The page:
England and Ireland: The Williamite War--The Peace of Limrick (October 1691)

Figure 1.--Here are Limerick primary boys and girls on their playground by famous Treaty Stone of 1691, The photograoph was taken about 1903. Source: American Sterescopic Co. .

The War was formally ended on honorable terms with the Peace of Limrick (1691) Limrick, a port in the southwest, was one of Ireland's most important cties. Patrick Sarsfield captured and destroyed William's convoy of cannons and ammunition en route to support the first siege of Limerick (1690). William again beseiged Limrick (1691). By this time it was clear the the war was lost. Sarsfield was the chief negotiator for the Jacobites. Baron Godert de Ginkel, Eilliam's military commnder, was surprised by the Jacobite request for an aristice. He negotiated on behalf of William. The resulting treaty was a detailed document with both military and civil articles. The military articles primarily addressed how the defeated Jacobite forces would be treated. This was amatter of no small importance. In the wars of the dates there were masacres of both defeated armies and supporting civilian populations. The civil articles were designed to protecting the Jacobites who chose to remain in Ireland. They also set out how Catholics would be treated in an Ireland ruled by a a Protestant monarcy. The military articles permitted Jacobite soldiers to leave Ireland for refuge in France a well as their wives and children. Many chose to do this and this came to be called in Irish history, the 'Flight of the Wild Geese'. Jacobite soldiers wre also permitted to join the Williamite army, but only a few chose to do. The Jacobites who chose to remain in Ireland were prtected as long as they pledged allegiance to King William and Queen Mary. They were allowed to keep their estates and property. Catholic noblemen were also allowed to bear arms. Limerick as a result is known as the Treaty City. The Treaty, according to tradition, was signed on a stone within the sight of both armies at the Clare end of Thomond Bridge. The Irish Parliament subsequently refused to honor many of the terms of the Treaty. The Irish Parliament passed the Penal Laws (mid-1690s). This began the persecution of Irish Catholics in violtion of the Treaty of Limerick.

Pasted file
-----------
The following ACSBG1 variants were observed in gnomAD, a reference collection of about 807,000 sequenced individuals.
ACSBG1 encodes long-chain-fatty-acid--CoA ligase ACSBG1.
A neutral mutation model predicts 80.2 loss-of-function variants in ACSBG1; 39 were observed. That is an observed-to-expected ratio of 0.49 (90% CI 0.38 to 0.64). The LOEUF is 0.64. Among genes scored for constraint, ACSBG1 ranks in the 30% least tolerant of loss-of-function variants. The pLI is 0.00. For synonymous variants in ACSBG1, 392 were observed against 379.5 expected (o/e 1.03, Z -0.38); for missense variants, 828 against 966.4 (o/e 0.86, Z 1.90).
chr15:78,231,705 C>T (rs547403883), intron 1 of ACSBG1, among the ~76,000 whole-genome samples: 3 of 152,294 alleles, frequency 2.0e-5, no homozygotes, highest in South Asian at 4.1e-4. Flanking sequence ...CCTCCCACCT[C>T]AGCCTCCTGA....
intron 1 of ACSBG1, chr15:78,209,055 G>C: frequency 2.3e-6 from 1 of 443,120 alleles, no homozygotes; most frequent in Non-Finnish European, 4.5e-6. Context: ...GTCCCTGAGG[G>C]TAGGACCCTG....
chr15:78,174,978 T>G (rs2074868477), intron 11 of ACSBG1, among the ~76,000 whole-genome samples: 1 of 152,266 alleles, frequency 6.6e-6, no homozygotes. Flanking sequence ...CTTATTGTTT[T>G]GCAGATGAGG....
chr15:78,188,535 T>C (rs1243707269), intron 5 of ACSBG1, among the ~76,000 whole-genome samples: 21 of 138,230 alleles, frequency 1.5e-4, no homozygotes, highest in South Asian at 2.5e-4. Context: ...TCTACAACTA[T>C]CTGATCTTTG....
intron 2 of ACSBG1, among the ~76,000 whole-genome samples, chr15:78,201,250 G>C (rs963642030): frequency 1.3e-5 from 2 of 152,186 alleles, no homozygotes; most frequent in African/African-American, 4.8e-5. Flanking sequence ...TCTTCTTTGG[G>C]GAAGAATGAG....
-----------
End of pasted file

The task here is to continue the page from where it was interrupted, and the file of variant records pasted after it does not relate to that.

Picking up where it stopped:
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Created: 6:02 AM 9/26/2012
Last updated: 6:02 AM 9/26/2012